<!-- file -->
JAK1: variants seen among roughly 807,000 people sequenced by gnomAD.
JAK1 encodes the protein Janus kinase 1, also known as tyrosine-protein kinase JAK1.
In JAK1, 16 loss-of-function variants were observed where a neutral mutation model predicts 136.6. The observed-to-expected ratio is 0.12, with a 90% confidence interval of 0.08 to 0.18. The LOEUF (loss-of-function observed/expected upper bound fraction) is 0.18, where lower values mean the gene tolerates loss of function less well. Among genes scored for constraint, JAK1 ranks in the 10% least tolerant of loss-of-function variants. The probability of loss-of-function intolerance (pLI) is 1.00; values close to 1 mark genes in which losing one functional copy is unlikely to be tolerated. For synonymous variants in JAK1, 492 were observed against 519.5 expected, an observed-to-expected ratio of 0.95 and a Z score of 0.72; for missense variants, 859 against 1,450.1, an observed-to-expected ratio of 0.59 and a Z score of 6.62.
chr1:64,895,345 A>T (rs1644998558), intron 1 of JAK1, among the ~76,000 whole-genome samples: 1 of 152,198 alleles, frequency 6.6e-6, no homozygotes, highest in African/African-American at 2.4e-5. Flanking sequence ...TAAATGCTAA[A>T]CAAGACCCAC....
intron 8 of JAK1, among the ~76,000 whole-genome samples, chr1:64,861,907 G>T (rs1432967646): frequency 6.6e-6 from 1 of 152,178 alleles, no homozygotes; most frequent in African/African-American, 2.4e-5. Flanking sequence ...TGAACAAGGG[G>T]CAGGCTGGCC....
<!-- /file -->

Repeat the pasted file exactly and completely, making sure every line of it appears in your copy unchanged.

JAK1: variants seen among roughly 807,000 people sequenced by gnomAD.
JAK1 encodes the protein Janus kinase 1, also known as tyrosine-protein kinase JAK1.
In JAK1, 16 loss-of-function variants were observed where a neutral mutation model predicts 136.6. The observed-to-expected ratio is 0.12, with a 90% confidence interval of 0.08 to 0.18. The LOEUF (loss-of-function observed/expected upper bound fraction) is 0.18, where lower values mean the gene tolerates loss of function less well. Among genes scored for constraint, JAK1 ranks in the 10% least tolerant of loss-of-function variants. The probability of loss-of-function intolerance (pLI) is 1.00; values close to 1 mark genes in which losing one functional copy is unlikely to be tolerated. For synonymous variants in JAK1, 492 were observed against 519.5 expected, an observed-to-expected ratio of 0.95 and a Z score of 0.72; for missense variants, 859 against 1,450.1, an observed-to-expected ratio of 0.59 and a Z score of 6.62.
chr1:64,895,345 A>T (rs1644998558), intron 1 of JAK1, among the ~76,000 whole-genome samples: 1 of 152,198 alleles, frequency 6.6e-6, no homozygotes, highest in African/African-American at 2.4e-5. Flanking sequence ...TAAATGCTAA[A>T]CAAGACCCAC....
intron 8 of JAK1, among the ~76,000 whole-genome samples, chr1:64,861,907 G>T (rs1432967646): frequency 6.6e-6 from 1 of 152,178 alleles, no homozygotes; most frequent in African/African-American, 2.4e-5. Flanking sequence ...TGAACAAGGG[G>T]CAGGCTGGCC....